Defcon: Preventing Overload with Graceful Feature Degradation

Published July 23, 2023

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Defcon: Preventing Overload with Graceful Feature Degradation

This is one in a series of papers I’m reading from OSDI and Usenix ATC. These paper reviews can be delivered weekly to your inbox, or you can subscribe to the Atom feed. As always, feel free to reach out on Twitter with feedback or suggestions!

What is the research?

Severe outages can occur due to system overloadDiscussion of managing load from the SRE book here. , impacting users who rely on a product, and potentially damaging underlying hardwareDamage to hardware can show up as fail-slow situations, where performance degrades overtime. This is also discussed in a previous paper review on Perseus: A Fail-Slow Detection Framework for Cloud Storage Systems . It can also be difficult to recover from outages involving overloaded system due to additional problems this type of outages cause - in particular, cascading failures. There are many potential root-causes to a system entering an overloaded state, including seasonal traffic spikes, performance regressions consuming excess capacityThis situation can lead to metastable failures, as discussed in a previous paper review. , or subtle software bugs. As such, limiting the damage caused by overload conditions is a complicated problem.

To prevent overload from impacting its products, Meta developed a system called Defcon. Defcon provides a set of abstractions that allows incident responders to increase available capacity by turning off features, an idea called graceful feature degradation. By dividing product features into different levels of business criticality, Defcon also allows oncallers to take a variety actions depending on the severity of an ongoing incident.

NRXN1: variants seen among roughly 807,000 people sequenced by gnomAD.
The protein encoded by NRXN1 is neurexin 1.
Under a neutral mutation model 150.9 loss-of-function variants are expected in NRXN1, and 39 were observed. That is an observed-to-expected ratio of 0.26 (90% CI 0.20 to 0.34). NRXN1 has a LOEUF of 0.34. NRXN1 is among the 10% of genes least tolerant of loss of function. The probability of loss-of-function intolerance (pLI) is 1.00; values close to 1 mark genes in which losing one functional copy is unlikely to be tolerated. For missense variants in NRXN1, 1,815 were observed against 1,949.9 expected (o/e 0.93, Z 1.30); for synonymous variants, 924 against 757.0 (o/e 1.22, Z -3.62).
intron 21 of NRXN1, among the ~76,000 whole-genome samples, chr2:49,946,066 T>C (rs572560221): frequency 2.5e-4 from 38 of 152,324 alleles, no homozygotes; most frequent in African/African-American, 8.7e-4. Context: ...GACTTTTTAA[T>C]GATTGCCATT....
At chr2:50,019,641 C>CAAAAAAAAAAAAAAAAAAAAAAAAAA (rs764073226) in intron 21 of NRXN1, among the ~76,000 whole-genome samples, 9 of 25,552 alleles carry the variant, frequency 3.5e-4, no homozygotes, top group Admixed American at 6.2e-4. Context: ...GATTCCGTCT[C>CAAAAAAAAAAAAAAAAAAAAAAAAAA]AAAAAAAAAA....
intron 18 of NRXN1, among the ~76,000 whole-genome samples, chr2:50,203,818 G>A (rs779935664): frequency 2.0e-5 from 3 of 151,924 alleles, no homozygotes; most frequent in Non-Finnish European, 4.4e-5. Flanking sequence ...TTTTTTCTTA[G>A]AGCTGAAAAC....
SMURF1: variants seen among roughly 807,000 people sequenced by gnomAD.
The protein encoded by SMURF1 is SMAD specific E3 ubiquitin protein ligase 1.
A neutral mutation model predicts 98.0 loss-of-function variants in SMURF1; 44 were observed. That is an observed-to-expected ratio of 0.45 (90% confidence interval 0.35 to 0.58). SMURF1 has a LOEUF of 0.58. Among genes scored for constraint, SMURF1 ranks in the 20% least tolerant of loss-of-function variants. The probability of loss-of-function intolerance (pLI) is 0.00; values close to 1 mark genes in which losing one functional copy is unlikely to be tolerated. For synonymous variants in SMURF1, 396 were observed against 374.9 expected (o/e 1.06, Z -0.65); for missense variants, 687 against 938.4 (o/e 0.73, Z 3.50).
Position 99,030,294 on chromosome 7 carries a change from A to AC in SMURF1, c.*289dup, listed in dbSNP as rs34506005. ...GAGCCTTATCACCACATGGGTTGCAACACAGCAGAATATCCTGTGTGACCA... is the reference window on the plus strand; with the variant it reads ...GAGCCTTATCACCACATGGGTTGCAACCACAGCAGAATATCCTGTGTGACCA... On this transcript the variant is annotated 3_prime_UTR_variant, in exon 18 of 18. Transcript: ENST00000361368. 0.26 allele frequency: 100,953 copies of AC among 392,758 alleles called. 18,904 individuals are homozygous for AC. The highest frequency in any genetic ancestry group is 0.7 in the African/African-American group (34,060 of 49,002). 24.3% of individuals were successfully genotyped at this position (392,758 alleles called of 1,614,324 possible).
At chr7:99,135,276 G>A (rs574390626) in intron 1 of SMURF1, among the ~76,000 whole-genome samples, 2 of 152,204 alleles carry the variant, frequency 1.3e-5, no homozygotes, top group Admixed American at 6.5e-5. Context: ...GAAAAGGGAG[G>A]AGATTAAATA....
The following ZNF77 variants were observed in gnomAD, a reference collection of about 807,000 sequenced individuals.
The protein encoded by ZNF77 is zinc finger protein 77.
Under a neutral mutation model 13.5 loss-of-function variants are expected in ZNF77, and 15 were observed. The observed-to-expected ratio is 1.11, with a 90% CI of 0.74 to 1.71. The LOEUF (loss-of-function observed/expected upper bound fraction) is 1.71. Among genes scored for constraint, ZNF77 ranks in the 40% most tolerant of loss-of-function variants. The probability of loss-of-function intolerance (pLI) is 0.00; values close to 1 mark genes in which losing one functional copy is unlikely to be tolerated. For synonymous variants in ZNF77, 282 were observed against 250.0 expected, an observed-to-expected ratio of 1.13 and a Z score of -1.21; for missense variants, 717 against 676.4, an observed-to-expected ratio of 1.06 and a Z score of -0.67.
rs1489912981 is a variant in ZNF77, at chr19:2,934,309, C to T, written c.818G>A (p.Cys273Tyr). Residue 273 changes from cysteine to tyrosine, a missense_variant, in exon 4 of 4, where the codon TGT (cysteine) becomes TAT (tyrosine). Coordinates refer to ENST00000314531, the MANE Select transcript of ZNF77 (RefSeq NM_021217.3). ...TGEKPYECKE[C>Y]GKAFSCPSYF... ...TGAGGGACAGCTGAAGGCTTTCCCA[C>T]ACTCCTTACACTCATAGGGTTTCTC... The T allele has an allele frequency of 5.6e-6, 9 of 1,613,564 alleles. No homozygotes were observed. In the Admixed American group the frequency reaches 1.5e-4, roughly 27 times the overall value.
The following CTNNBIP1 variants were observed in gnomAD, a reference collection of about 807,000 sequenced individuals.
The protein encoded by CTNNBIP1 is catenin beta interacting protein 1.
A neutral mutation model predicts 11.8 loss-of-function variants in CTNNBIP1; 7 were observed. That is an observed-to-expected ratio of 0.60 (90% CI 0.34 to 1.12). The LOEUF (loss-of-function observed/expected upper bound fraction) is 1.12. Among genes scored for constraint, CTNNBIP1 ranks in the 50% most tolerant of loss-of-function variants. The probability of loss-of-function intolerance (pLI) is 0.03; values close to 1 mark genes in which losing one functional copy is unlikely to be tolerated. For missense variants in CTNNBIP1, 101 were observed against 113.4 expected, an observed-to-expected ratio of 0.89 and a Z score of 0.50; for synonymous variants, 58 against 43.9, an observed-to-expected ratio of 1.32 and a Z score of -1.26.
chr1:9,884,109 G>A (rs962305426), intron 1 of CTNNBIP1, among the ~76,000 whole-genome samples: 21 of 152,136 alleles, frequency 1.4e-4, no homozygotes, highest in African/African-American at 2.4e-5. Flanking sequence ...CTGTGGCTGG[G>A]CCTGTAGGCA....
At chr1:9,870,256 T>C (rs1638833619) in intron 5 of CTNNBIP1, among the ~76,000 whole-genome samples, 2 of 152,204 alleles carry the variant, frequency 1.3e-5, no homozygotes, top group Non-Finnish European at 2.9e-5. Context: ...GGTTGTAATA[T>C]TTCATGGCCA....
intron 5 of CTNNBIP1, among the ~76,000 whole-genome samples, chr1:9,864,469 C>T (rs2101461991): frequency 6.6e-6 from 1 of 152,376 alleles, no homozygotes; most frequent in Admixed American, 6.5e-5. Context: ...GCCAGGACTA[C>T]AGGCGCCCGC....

The Defcon paper describes Meta’s design, implementation, and experience deploying this system at scale across many products (including Facebook, Messenger, Instagram, and Whatsapp) along with lessons from usage during production incidents.

Background and Motivation

The authors of Defcon describe several alternatives they considered when deciding how to mitigate the risk of system overload. Each of the options is evaluated on the amount of additional resources that the approach would consume during an incident, the amount of engineering effort required to implement, and the potential impact to users.

Given that serious overload events happen on a recurring basis (at least once a year), the authors decided to invest engineering resources in an engineering-intensive effort capable of limiting user impact.

How does the system work?

The core abstraction in Defcon is the knob, which represents for each feature: a unique name, whether a feature is turned on or not, the oncall rotation responsible, and a “level” corresponding to business-criticality.

After a feature is defined using this configuration, servers or applications (for example, in Web or iOS devices) import the knob into code and implement code paths that handle cases when the knob is turned off - for example, short-circuiting expensive logic.

During testing and incident response, operators change a knob’s state via a command-line or user interface, and Defcon handles replicating this state to impacted consumers (like servers and mobile applications). Knob state is also stored in a database.

Defcon’s Knob Actuator Service propagates state changes for two types of knobs: server-side knobs and client-side knobs:

Server-side knobs are implemented in binaries running on the servers in data centers. The advantage of server-side knobs is that we can adjust the knobs’ state in seconds without any propagation delays.

Client-side knobs are implemented in client code running on phones, tablets, wearables, and so on. The advantage of client-side knobs is that they have the capability to reduce network load by stopping requests sent to the server along side reducing server load due to the request.